Two veterans of the broadcast media industry discuss the goals of corporate newsrooms and how brands can succeed in providing informative content.
As brands increase their content marketing efforts, many are trying to figure out how best to create informative content about their respective industries.
Why are brands becoming publishers?
Eric: Everybody’s trying to grow their audiences, whether they are a traditional media outlet such as a newspaper or TV station, or a corporation looking to expand its message. This is no small task given the increasing amount of content and advertisements we see, making it harder to stand out from the crowd.
The key to remember when creating content is producing high-quality information that actually informs readers or viewers of something they didn’t know previously. By helping prospective and current customers with questions they ask regularly, you’re more likely to develop lasting relationships with them.
Quality over quantity. Got it. How can they generate content ideas?
Eric: Every employee in every company has a story to tell. Work with your coworkers to determine whether the tricks they’ve learned in their careers can be helpful for your customers. Ask them to be your eyes and ears for what’s happening in the industry – if they hear something interesting, they may want to write about it.
If you’re lucky enough to reach the point of having more ideas than your team can cover, consider hiring freelancers to fill the gaps. Just make sure they are on the same page regarding messaging – the same goes for your coworkers.
What are some promotion strategies for companies to broaden their reach?
David: To grow and build, newsrooms should consider experimenting with multiple formats and additional platforms. Think about the multiple ways to tell a story – video, photos, text, infographics, even audio.
Visuals not only allow you to play to the strengths of certain social media networks – video on YouTube and photos on Instagram, for example – they also increase the size of posts on Facebook and Twitter, increasing the likelihood of followers seeing and sharing them.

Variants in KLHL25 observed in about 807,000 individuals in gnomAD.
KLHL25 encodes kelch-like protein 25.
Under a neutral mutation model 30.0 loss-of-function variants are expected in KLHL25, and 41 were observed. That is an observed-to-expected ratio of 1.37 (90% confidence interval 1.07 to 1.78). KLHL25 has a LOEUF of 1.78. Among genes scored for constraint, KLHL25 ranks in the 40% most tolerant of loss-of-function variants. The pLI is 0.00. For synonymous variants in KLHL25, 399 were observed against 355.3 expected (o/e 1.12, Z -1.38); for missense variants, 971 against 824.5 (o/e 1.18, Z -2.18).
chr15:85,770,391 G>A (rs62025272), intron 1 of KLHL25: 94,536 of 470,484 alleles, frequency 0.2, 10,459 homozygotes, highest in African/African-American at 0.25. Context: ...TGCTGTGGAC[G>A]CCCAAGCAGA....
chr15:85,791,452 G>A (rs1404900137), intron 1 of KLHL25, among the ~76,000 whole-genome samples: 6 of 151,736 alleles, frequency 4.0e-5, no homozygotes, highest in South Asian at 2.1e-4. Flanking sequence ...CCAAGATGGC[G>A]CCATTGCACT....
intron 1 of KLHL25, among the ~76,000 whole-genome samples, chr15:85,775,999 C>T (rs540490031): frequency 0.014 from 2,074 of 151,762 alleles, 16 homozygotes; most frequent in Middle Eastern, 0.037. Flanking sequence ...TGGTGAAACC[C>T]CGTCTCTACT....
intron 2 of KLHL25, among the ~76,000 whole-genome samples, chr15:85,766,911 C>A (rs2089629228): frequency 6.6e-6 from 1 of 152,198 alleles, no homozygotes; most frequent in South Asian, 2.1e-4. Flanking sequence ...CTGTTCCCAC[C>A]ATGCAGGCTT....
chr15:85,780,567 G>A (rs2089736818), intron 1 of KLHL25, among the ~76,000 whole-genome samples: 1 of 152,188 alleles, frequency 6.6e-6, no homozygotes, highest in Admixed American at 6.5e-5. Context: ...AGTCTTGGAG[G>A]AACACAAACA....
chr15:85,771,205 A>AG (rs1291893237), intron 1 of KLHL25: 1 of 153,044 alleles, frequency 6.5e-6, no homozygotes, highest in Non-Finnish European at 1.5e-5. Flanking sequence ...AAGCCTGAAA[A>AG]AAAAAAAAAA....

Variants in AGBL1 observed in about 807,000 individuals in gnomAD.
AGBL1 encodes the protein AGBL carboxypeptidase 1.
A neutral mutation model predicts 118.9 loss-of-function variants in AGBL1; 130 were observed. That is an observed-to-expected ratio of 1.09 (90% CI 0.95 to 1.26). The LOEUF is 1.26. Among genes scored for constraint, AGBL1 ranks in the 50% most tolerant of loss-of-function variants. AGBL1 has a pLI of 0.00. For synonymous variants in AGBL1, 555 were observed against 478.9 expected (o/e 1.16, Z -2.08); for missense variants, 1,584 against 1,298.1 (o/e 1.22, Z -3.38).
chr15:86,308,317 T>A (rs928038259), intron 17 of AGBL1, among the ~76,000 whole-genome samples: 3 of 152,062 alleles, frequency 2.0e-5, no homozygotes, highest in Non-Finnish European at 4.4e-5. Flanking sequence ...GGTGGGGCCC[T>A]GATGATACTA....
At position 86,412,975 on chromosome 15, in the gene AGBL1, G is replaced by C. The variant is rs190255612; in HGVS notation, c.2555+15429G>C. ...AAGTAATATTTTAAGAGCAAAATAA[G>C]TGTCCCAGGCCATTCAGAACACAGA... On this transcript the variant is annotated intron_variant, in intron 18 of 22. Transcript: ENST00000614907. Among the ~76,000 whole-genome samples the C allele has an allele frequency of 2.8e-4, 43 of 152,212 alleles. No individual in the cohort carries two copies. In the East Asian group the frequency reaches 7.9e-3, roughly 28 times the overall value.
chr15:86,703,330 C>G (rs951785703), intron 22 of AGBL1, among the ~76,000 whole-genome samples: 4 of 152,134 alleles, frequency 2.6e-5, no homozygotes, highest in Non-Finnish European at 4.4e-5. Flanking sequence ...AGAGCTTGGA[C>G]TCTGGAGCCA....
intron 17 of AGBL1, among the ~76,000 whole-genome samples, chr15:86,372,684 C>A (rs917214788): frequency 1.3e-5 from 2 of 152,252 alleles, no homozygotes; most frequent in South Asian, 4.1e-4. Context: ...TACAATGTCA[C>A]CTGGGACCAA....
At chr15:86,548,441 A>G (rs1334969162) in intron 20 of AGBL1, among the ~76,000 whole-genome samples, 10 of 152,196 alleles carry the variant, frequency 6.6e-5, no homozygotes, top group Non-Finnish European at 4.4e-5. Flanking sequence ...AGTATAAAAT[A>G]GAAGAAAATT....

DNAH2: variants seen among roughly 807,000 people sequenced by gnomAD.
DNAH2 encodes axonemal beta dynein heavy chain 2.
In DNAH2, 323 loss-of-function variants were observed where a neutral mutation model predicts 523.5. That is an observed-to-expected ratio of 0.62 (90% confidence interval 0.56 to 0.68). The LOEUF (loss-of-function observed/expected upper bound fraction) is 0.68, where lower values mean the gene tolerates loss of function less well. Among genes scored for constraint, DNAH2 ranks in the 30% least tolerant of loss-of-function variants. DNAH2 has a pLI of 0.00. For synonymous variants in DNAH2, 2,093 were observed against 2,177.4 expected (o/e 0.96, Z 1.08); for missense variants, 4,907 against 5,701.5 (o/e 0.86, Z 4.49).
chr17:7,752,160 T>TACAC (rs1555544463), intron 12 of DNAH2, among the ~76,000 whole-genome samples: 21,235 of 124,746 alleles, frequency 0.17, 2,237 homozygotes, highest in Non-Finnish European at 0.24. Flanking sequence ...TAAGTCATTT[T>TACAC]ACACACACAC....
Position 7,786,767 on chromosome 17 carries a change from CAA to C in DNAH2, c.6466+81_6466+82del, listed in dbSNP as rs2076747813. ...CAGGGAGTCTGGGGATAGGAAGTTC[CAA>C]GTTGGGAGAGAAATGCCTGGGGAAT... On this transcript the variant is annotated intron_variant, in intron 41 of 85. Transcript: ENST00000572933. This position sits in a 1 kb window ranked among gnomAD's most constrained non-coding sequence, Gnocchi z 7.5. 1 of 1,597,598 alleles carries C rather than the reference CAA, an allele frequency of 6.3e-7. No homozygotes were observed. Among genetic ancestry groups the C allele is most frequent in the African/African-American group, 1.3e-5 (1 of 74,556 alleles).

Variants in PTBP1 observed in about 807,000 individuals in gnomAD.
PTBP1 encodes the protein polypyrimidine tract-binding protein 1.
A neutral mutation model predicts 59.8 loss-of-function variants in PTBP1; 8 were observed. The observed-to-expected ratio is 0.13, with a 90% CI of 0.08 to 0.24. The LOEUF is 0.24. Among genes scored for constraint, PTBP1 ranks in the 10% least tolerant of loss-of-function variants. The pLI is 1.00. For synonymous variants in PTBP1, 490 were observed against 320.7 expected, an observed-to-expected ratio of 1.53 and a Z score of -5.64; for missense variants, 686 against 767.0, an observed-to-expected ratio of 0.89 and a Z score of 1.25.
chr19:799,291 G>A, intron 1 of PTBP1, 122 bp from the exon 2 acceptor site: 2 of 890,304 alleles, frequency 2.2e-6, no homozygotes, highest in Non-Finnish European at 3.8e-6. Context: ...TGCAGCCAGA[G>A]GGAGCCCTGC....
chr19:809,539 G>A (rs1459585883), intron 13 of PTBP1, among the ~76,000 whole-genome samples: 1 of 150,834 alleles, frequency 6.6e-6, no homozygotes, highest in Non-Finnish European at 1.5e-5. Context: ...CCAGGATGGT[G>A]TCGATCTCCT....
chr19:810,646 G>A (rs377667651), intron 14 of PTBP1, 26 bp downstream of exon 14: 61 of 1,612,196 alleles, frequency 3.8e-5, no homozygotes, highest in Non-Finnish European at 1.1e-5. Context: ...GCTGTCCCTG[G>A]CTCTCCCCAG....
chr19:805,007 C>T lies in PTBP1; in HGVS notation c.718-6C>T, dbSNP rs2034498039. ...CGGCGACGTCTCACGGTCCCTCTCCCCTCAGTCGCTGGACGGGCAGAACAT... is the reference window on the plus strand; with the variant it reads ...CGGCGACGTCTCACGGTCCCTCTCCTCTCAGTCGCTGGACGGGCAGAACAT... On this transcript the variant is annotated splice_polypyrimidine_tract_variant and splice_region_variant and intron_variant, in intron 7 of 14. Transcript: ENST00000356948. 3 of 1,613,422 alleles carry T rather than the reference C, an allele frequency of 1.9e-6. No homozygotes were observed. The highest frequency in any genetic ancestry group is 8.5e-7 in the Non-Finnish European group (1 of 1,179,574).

Hundreds of millions of people use social media, looking for content to engage with each day. If you don’t have the resources to advertise through television, radio or out-of-home, make sure to go to the platforms your customers already use.
You’ve mentioned getting content ideas from coworkers, managing freelancers and leveraging social media. Is there a way to stay organized?
David: Going back to my days in the newsroom, we had a single content management system that allowed writers, editors and producers to message each other – bypassing email – and see live updates to stories.
Try and stick to as few tools as possible. The more you have, the more likely stakeholder feedback on stories is likely to slip through the cracks.
A lot of communications professionals are already using many applications, such as Google Chrome and Docs for research, Microsoft Outlook and Word for drafts and edits, and Wordpress or another CMS for publishing. How can they consolidate these programs?
David: The all-in-one software we used in the newsroom was AP ENPS. We were hardly alone – more than 64,000 staffers from 900 newsrooms around the world now use it to monitor social media, create and organize their content and publish to digital platforms.
But as we mentioned earlier, we’re seeing the goals of traditional and corporate newsrooms converging. Everyone is looking to build audiences with informative, thoughtful content.
Now that we work for AP ENPS, we’ve talked with marketers and public relations professionals and added features that allow anyone – no matter where they are in the world – to edit, publish and tweet stories (as long as they have the right permissions).
Everything from content ideation to publication can be done within a single screen.
Where do you see content marketing heading in the future?
Eric: I think we’ll continue to see journalists leaving the media industry to tell stories for companies. My advice for brands would be to listen to these reporters – not only to their content ideas but also how they managed deadlines every day.
Becoming a publisher is no small feat. Traditional media organizations built their audiences over time, and while larger companies may already have a following through social media, they can greatly increase their engagement with customers through thoughtful content full of practical advice.
Remember, your customers are people, too (consider interviewing them to share their story!). Keep them top of mind and they will reward you for it.
Jake is the text and multimedia product manager at The Associated Press and the former editor of Insights. He previously covered college sports as a reporter for AP and helped design its multi-year strategic plan.